TEHRAN- (Iranart)- Three Iranian movies will be screened at the Hot Docs, a major Canadian international documentary festival, which is scheduled to be held online from April 29 to May 9 due to the COVID-19 pandemic.
“Holy Bread” and “Neighboring the Moon” will go on screen at the World Showcase section of the festival, while “The Doll” will be screened in the short documentary section.
Directed by late Iranian director Rahim Zabihi, “Holy Bread” documents the highly dangerous work of Kurdish Kulbars - workers who try to support their families by transporting goods across the Iranian border.
On foot, they carry their loads along mountain paths that are rocky, steep, and either slippery due to snow or blisteringly hot. Along the way, many of them suffer injuries, die in blizzards, or are shot by border police.
The powerful scenes of the men’s journeys are matched by their harrowing stories. No one chooses to become a Kulbar, it’s simply an unavoidable consequence of not having any other form of work.
The film crew followed these workers for nine years to document the impact of living like a human pack mule. “Holy Bread” gives exposure to a group of mostly men, who, driven by poverty, hunger, and despair, operate in the margins of society.
The film has recently won the Special Youth Jury Award at the 6th edition of the Ulju Mountain Film Festival in Ulsan, South Korea.
A co-production between Iran and Syria by Iranian director Reza Farahmand, “Neighboring the Moon” Syrian sisters Juli and Maryam, who like other teen girls their age, love animals, makeup, and music. But unlike others, the sisters and their mother have been living for nine years in a cramped room inside Aleppo's biggest hospital.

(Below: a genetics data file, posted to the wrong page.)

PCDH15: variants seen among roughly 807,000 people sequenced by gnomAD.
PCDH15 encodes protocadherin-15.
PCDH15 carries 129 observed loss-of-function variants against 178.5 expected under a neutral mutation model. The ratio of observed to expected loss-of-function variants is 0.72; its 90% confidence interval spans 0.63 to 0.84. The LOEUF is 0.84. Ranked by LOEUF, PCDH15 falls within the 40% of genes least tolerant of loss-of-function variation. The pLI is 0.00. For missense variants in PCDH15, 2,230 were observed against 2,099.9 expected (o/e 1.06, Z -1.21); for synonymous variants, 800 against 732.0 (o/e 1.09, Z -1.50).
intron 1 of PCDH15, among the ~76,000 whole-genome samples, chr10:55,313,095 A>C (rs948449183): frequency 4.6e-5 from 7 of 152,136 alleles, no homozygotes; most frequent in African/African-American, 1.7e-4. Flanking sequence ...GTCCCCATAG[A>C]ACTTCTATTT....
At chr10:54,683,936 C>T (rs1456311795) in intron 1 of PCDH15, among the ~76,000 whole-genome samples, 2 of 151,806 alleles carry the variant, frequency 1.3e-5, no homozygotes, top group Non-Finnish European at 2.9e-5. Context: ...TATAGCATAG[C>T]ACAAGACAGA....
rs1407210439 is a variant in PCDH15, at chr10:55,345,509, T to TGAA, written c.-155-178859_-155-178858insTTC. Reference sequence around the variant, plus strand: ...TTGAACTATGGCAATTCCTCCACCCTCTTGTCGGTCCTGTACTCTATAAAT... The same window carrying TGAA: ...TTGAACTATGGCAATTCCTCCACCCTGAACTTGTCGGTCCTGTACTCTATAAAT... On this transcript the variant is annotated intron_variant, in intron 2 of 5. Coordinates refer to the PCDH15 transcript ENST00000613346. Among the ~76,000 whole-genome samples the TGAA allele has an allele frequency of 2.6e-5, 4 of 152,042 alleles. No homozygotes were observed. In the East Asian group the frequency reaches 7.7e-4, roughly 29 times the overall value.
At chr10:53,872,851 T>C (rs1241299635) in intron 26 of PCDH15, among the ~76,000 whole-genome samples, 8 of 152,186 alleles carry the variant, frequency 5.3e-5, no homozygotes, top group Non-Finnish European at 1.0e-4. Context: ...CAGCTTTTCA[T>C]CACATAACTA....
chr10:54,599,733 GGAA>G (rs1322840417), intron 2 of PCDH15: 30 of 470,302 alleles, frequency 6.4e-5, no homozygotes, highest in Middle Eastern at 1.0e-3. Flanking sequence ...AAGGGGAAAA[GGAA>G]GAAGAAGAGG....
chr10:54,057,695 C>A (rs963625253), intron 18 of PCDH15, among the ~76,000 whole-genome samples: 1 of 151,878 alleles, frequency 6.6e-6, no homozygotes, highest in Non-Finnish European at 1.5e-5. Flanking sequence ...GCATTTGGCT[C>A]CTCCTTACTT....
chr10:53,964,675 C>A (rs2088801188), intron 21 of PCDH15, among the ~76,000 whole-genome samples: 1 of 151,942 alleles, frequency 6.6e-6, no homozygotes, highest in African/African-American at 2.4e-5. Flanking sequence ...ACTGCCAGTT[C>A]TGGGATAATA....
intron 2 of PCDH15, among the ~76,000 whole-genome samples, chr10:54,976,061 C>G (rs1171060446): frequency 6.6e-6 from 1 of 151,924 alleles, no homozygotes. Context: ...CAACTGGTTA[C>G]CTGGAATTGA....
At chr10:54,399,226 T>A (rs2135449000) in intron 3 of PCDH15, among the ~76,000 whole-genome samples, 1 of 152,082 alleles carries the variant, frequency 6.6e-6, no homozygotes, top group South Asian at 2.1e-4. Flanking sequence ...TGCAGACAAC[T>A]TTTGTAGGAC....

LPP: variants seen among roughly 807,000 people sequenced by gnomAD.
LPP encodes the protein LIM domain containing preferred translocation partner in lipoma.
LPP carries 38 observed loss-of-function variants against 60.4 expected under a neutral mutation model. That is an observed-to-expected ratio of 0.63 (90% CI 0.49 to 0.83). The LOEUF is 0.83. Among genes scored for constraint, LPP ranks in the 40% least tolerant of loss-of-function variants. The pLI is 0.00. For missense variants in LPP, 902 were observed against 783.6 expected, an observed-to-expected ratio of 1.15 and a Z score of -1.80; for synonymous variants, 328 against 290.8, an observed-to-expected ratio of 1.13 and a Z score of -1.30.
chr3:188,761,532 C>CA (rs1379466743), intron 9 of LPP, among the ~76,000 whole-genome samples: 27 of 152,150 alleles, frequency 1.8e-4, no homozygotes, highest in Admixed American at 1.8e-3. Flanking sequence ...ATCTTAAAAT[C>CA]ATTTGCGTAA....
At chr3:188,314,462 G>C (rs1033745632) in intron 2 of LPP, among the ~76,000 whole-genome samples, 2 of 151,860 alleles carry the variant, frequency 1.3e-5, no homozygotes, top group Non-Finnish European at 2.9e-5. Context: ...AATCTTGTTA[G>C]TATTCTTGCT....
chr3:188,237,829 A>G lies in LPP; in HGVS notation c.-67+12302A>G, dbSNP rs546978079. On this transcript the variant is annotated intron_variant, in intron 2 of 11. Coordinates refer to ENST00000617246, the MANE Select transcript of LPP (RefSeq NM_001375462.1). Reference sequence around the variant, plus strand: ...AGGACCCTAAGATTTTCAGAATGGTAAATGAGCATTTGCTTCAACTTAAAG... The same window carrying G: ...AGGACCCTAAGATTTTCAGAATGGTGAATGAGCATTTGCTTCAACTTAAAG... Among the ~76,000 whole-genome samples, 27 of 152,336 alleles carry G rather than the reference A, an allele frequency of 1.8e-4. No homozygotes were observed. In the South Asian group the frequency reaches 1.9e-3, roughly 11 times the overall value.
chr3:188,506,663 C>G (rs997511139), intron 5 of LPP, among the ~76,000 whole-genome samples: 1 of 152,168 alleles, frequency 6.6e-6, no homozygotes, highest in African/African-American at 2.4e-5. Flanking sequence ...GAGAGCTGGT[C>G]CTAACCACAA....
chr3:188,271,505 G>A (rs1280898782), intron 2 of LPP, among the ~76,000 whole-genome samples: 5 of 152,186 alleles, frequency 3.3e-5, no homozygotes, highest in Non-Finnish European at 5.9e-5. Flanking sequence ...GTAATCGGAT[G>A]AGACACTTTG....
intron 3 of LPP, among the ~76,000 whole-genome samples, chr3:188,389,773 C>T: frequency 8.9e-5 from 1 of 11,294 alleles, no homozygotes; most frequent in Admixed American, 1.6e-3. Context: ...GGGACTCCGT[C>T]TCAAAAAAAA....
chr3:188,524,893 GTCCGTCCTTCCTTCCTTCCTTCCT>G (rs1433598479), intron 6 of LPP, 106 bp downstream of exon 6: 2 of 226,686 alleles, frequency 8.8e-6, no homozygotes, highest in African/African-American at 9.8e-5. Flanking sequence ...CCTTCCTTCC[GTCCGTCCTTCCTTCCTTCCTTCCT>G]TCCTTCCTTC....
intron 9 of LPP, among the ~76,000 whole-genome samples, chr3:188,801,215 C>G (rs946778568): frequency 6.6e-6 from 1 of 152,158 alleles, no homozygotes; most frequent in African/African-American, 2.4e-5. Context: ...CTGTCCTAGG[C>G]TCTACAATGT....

With the Syrian uprising at a near standstill, their mother attends to COVID-19 patients while the two sisters form their own brigade of young hospital helpers. Spirited Juli ceaselessly voices her desire to escape their living situation, but this pits her against her mother, who prefers the safety of the hospital to an unpredictable life on the outside.
Beautifully observed and interspersed with poetic moments of reverie between the girls, the film captures their day-to-day lives against the backdrop of the pandemic. What emerges is a touching portrait of a broken family dealing with the trauma of war, chasing an elusive dream of a normal life.
“The Doll” by Elahe Esmaeili is a short documentary about a father who consents to the marriage of his 14-year-old daughter Asal.
The Hot Docs Canadian International Documentary Festival is the largest documentary festival in North America. The event takes place annually in Toronto, Ontario, Canada.
source: Tehran Times